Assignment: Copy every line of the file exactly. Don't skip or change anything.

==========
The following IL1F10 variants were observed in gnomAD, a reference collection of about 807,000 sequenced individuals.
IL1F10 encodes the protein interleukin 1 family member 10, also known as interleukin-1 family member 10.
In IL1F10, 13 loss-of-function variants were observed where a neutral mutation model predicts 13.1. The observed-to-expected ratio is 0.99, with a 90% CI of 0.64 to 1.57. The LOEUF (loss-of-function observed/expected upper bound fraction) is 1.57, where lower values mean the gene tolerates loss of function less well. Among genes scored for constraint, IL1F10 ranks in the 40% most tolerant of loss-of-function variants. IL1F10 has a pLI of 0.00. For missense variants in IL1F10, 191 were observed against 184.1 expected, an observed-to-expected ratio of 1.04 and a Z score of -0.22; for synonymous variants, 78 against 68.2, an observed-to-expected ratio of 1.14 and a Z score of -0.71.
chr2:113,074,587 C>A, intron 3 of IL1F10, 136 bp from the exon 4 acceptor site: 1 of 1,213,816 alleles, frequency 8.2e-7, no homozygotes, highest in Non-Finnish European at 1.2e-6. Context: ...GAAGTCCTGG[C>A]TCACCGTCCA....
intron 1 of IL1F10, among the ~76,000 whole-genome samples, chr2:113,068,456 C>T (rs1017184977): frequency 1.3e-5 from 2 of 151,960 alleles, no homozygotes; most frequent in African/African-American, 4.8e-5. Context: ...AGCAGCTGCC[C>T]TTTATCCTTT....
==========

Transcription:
The following IL1F10 variants were observed in gnomAD, a reference collection of about 807,000 sequenced individuals.
IL1F10 encodes the protein interleukin 1 family member 10, also known as interleukin-1 family member 10.
In IL1F10, 13 loss-of-function variants were observed where a neutral mutation model predicts 13.1. The observed-to-expected ratio is 0.99, with a 90% CI of 0.64 to 1.57. The LOEUF (loss-of-function observed/expected upper bound fraction) is 1.57, where lower values mean the gene tolerates loss of function less well. Among genes scored for constraint, IL1F10 ranks in the 40% most tolerant of loss-of-function variants. IL1F10 has a pLI of 0.00. For missense variants in IL1F10, 191 were observed against 184.1 expected, an observed-to-expected ratio of 1.04 and a Z score of -0.22; for synonymous variants, 78 against 68.2, an observed-to-expected ratio of 1.14 and a Z score of -0.71.
chr2:113,074,587 C>A, intron 3 of IL1F10, 136 bp from the exon 4 acceptor site: 1 of 1,213,816 alleles, frequency 8.2e-7, no homozygotes, highest in Non-Finnish European at 1.2e-6. Context: ...GAAGTCCTGG[C>A]TCACCGTCCA....
intron 1 of IL1F10, among the ~76,000 whole-genome samples, chr2:113,068,456 C>T (rs1017184977): frequency 1.3e-5 from 2 of 151,960 alleles, no homozygotes; most frequent in African/African-American, 4.8e-5. Context: ...AGCAGCTGCC[C>T]TTTATCCTTT....